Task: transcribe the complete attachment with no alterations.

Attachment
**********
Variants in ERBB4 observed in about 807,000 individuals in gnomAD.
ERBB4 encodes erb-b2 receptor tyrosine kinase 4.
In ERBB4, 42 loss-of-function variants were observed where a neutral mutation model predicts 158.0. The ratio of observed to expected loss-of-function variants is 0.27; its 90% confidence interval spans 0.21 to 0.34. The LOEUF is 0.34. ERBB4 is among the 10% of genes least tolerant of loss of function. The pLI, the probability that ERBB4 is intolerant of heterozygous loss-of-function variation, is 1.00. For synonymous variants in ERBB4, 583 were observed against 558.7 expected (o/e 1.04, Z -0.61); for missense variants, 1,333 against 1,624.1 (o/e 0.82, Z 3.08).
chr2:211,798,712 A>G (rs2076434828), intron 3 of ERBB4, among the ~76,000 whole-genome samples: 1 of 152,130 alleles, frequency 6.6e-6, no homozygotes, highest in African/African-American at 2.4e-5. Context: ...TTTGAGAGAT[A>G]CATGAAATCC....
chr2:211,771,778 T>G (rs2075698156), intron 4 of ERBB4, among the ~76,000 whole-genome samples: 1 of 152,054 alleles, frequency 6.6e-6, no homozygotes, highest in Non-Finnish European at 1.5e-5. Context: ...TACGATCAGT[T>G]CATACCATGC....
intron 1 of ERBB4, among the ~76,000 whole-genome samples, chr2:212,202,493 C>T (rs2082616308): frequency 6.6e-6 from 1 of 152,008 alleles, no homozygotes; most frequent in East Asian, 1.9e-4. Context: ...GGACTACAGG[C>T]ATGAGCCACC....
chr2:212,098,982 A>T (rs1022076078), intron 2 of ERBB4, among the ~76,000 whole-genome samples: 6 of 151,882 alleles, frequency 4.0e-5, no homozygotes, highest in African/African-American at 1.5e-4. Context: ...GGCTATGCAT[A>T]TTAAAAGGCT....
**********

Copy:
Variants in ERBB4 observed in about 807,000 individuals in gnomAD.
ERBB4 encodes erb-b2 receptor tyrosine kinase 4.
In ERBB4, 42 loss-of-function variants were observed where a neutral mutation model predicts 158.0. The ratio of observed to expected loss-of-function variants is 0.27; its 90% confidence interval spans 0.21 to 0.34. The LOEUF is 0.34. ERBB4 is among the 10% of genes least tolerant of loss of function. The pLI, the probability that ERBB4 is intolerant of heterozygous loss-of-function variation, is 1.00. For synonymous variants in ERBB4, 583 were observed against 558.7 expected (o/e 1.04, Z -0.61); for missense variants, 1,333 against 1,624.1 (o/e 0.82, Z 3.08).
chr2:211,798,712 A>G (rs2076434828), intron 3 of ERBB4, among the ~76,000 whole-genome samples: 1 of 152,130 alleles, frequency 6.6e-6, no homozygotes, highest in African/African-American at 2.4e-5. Context: ...TTTGAGAGAT[A>G]CATGAAATCC....
chr2:211,771,778 T>G (rs2075698156), intron 4 of ERBB4, among the ~76,000 whole-genome samples: 1 of 152,054 alleles, frequency 6.6e-6, no homozygotes, highest in Non-Finnish European at 1.5e-5. Context: ...TACGATCAGT[T>G]CATACCATGC....
intron 1 of ERBB4, among the ~76,000 whole-genome samples, chr2:212,202,493 C>T (rs2082616308): frequency 6.6e-6 from 1 of 152,008 alleles, no homozygotes; most frequent in East Asian, 1.9e-4. Context: ...GGACTACAGG[C>T]ATGAGCCACC....
chr2:212,098,982 A>T (rs1022076078), intron 2 of ERBB4, among the ~76,000 whole-genome samples: 6 of 151,882 alleles, frequency 4.0e-5, no homozygotes, highest in African/African-American at 1.5e-4. Context: ...GGCTATGCAT[A>T]TTAAAAGGCT....